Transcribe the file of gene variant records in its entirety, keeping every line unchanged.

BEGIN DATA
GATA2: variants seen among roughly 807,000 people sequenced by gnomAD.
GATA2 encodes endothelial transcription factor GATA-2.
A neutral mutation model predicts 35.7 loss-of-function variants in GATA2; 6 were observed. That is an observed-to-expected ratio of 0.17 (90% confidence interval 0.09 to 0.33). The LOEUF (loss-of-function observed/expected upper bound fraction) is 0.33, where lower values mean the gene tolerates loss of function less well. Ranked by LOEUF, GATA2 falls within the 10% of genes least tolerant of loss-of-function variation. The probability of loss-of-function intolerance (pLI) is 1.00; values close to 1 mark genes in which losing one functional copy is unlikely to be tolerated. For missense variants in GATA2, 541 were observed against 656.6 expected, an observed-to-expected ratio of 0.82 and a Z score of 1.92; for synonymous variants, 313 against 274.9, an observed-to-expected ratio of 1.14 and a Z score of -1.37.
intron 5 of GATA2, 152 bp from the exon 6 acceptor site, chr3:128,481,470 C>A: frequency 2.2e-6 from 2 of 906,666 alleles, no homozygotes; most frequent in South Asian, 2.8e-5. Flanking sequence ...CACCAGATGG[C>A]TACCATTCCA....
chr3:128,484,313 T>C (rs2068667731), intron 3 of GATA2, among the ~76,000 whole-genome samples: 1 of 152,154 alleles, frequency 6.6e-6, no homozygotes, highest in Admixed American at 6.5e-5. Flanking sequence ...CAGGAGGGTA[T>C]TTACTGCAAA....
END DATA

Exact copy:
GATA2: variants seen among roughly 807,000 people sequenced by gnomAD.
GATA2 encodes endothelial transcription factor GATA-2.
A neutral mutation model predicts 35.7 loss-of-function variants in GATA2; 6 were observed. That is an observed-to-expected ratio of 0.17 (90% confidence interval 0.09 to 0.33). The LOEUF (loss-of-function observed/expected upper bound fraction) is 0.33, where lower values mean the gene tolerates loss of function less well. Ranked by LOEUF, GATA2 falls within the 10% of genes least tolerant of loss-of-function variation. The probability of loss-of-function intolerance (pLI) is 1.00; values close to 1 mark genes in which losing one functional copy is unlikely to be tolerated. For missense variants in GATA2, 541 were observed against 656.6 expected, an observed-to-expected ratio of 0.82 and a Z score of 1.92; for synonymous variants, 313 against 274.9, an observed-to-expected ratio of 1.14 and a Z score of -1.37.
intron 5 of GATA2, 152 bp from the exon 6 acceptor site, chr3:128,481,470 C>A: frequency 2.2e-6 from 2 of 906,666 alleles, no homozygotes; most frequent in South Asian, 2.8e-5. Flanking sequence ...CACCAGATGG[C>A]TACCATTCCA....
chr3:128,484,313 T>C (rs2068667731), intron 3 of GATA2, among the ~76,000 whole-genome samples: 1 of 152,154 alleles, frequency 6.6e-6, no homozygotes, highest in Admixed American at 6.5e-5. Flanking sequence ...CAGGAGGGTA[T>C]TTACTGCAAA....